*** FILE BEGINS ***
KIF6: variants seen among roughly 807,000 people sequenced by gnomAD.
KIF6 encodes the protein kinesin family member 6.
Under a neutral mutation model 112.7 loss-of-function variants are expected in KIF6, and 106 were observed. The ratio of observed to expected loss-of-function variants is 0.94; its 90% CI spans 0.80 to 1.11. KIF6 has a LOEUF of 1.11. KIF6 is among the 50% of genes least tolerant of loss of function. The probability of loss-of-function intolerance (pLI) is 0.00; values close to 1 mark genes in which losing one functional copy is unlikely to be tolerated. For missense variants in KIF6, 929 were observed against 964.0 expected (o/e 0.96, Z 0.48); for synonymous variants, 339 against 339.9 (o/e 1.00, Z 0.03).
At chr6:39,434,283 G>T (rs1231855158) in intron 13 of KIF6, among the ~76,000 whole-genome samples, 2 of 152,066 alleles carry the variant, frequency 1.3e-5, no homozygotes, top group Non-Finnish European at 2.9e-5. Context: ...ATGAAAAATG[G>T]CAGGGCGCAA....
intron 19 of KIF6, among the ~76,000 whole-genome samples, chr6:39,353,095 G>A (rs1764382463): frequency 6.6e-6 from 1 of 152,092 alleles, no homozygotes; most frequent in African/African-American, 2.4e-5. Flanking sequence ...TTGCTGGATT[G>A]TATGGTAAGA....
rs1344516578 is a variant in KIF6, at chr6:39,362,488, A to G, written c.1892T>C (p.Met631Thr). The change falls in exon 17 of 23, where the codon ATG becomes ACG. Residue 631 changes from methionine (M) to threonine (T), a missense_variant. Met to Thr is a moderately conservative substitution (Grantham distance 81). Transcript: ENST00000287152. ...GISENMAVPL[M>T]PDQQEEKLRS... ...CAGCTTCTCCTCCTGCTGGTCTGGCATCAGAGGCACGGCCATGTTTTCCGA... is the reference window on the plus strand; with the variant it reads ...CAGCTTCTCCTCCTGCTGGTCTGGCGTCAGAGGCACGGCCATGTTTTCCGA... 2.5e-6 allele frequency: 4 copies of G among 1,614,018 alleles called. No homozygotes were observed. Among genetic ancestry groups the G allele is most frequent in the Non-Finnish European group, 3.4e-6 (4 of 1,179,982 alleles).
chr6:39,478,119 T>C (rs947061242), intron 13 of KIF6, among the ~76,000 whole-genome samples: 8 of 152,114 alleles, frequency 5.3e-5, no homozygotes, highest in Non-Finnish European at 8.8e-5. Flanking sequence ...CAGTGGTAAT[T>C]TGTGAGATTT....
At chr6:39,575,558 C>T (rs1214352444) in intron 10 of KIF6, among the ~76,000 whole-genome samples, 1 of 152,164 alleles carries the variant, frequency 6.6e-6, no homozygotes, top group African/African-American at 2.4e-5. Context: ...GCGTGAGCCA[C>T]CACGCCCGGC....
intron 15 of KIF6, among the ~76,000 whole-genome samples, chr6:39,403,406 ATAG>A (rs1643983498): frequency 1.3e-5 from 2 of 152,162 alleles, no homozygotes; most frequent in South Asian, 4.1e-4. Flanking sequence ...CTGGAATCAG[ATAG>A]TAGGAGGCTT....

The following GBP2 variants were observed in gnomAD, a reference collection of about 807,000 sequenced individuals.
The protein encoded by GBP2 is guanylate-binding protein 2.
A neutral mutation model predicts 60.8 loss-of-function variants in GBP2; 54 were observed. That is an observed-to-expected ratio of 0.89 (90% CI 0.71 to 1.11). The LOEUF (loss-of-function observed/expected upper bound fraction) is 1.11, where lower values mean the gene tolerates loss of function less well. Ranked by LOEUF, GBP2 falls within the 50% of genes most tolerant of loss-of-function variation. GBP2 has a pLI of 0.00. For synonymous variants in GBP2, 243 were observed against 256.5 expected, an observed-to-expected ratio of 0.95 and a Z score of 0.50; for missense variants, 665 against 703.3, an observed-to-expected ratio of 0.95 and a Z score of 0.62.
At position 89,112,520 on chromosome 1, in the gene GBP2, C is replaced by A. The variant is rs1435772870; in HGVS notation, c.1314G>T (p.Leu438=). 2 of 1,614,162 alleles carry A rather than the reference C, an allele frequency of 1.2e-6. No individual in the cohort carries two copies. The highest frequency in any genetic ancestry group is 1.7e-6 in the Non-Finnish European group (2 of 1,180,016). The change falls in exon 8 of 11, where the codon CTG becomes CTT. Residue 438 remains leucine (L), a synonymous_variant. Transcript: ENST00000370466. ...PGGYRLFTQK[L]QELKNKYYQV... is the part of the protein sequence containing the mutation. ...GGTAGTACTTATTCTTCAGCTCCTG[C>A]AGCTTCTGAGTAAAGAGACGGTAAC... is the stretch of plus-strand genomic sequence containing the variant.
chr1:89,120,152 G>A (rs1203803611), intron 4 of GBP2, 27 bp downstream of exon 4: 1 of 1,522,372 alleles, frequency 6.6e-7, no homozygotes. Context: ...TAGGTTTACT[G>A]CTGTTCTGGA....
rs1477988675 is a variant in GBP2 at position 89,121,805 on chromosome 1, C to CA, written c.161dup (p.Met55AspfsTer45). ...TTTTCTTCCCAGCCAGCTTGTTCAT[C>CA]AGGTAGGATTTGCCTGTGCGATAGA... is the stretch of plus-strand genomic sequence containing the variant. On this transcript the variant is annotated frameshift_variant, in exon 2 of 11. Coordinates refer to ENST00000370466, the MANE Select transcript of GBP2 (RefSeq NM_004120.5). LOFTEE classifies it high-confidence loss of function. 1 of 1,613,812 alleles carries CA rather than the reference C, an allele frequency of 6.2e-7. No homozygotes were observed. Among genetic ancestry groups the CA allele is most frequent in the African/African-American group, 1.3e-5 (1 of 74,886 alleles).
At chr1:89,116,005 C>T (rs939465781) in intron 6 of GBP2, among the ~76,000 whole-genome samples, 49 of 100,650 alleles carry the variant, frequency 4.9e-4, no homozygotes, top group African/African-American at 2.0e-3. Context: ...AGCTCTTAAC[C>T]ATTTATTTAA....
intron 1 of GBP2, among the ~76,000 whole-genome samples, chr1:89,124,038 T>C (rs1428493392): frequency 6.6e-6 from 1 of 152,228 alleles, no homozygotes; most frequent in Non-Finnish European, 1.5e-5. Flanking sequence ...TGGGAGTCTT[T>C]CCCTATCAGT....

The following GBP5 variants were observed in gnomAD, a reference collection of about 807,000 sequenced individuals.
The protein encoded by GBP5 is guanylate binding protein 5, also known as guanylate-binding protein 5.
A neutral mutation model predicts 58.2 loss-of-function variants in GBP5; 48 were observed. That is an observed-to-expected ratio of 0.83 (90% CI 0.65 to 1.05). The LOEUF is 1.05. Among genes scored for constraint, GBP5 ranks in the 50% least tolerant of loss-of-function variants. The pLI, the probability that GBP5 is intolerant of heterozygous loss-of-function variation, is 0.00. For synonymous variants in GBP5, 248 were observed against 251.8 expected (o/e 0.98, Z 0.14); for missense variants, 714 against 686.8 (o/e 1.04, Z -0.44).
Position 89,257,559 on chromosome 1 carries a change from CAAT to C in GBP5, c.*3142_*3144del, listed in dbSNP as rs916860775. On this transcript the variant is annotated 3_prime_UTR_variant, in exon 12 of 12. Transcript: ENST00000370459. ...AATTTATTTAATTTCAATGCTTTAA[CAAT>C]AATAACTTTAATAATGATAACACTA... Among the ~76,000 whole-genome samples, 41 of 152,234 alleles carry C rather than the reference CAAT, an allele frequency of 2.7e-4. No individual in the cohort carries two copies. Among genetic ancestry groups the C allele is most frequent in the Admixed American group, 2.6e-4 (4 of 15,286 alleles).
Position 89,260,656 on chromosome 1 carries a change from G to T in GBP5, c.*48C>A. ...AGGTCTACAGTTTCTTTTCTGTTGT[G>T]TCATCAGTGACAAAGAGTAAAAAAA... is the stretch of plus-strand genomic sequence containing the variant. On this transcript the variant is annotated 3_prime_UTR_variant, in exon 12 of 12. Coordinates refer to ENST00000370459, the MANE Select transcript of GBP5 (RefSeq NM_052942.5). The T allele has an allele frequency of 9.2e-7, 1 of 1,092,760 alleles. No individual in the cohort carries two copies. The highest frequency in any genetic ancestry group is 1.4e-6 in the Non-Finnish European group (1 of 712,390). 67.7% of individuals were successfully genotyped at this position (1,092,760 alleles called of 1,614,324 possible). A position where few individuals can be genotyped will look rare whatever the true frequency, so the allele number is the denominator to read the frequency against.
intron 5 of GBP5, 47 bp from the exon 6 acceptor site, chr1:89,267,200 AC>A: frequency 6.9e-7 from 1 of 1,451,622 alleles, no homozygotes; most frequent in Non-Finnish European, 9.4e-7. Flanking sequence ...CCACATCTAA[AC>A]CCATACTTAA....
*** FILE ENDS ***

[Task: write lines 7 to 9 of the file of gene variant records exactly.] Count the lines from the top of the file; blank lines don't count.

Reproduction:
chr6:39,478,119 T>C (rs947061242), intron 13 of KIF6, among the ~76,000 whole-genome samples: 8 of 152,114 alleles, frequency 5.3e-5, no homozygotes, highest in Non-Finnish European at 8.8e-5. Flanking sequence ...CAGTGGTAAT[T>C]TGTGAGATTT....
At chr6:39,575,558 C>T (rs1214352444) in intron 10 of KIF6, among the ~76,000 whole-genome samples, 1 of 152,164 alleles carries the variant, frequency 6.6e-6, no homozygotes, top group African/African-American at 2.4e-5. Context: ...GCGTGAGCCA[C>T]CACGCCCGGC....
intron 15 of KIF6, among the ~76,000 whole-genome samples, chr6:39,403,406 ATAG>A (rs1643983498): frequency 1.3e-5 from 2 of 152,162 alleles, no homozygotes; most frequent in South Asian, 4.1e-4. Flanking sequence ...CTGGAATCAG[ATAG>A]TAGGAGGCTT....